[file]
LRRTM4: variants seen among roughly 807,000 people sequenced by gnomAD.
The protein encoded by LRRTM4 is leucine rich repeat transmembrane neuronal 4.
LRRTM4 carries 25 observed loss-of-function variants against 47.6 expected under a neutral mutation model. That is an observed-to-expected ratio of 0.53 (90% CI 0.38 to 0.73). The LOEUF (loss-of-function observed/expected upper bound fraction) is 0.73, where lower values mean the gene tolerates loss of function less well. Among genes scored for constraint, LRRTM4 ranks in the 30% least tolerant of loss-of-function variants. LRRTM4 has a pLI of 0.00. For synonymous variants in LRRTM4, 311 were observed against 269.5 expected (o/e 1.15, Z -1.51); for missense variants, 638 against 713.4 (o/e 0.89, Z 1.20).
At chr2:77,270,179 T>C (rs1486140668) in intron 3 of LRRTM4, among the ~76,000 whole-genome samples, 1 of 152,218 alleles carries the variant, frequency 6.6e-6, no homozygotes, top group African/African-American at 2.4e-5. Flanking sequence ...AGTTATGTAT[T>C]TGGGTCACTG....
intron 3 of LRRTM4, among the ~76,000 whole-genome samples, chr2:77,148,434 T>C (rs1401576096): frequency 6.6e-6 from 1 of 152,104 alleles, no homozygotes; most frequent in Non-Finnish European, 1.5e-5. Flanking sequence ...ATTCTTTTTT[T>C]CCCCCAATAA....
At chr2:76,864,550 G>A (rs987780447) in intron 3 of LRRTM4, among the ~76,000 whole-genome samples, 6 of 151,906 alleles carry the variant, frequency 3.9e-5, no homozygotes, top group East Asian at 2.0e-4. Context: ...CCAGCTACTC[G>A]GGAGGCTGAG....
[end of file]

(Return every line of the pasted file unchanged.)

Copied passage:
LRRTM4: variants seen among roughly 807,000 people sequenced by gnomAD.
The protein encoded by LRRTM4 is leucine rich repeat transmembrane neuronal 4.
LRRTM4 carries 25 observed loss-of-function variants against 47.6 expected under a neutral mutation model. That is an observed-to-expected ratio of 0.53 (90% CI 0.38 to 0.73). The LOEUF (loss-of-function observed/expected upper bound fraction) is 0.73, where lower values mean the gene tolerates loss of function less well. Among genes scored for constraint, LRRTM4 ranks in the 30% least tolerant of loss-of-function variants. LRRTM4 has a pLI of 0.00. For synonymous variants in LRRTM4, 311 were observed against 269.5 expected (o/e 1.15, Z -1.51); for missense variants, 638 against 713.4 (o/e 0.89, Z 1.20).
At chr2:77,270,179 T>C (rs1486140668) in intron 3 of LRRTM4, among the ~76,000 whole-genome samples, 1 of 152,218 alleles carries the variant, frequency 6.6e-6, no homozygotes, top group African/African-American at 2.4e-5. Flanking sequence ...AGTTATGTAT[T>C]TGGGTCACTG....
intron 3 of LRRTM4, among the ~76,000 whole-genome samples, chr2:77,148,434 T>C (rs1401576096): frequency 6.6e-6 from 1 of 152,104 alleles, no homozygotes; most frequent in Non-Finnish European, 1.5e-5. Flanking sequence ...ATTCTTTTTT[T>C]CCCCCAATAA....
At chr2:76,864,550 G>A (rs987780447) in intron 3 of LRRTM4, among the ~76,000 whole-genome samples, 6 of 151,906 alleles carry the variant, frequency 3.9e-5, no homozygotes, top group East Asian at 2.0e-4. Context: ...CCAGCTACTC[G>A]GGAGGCTGAG....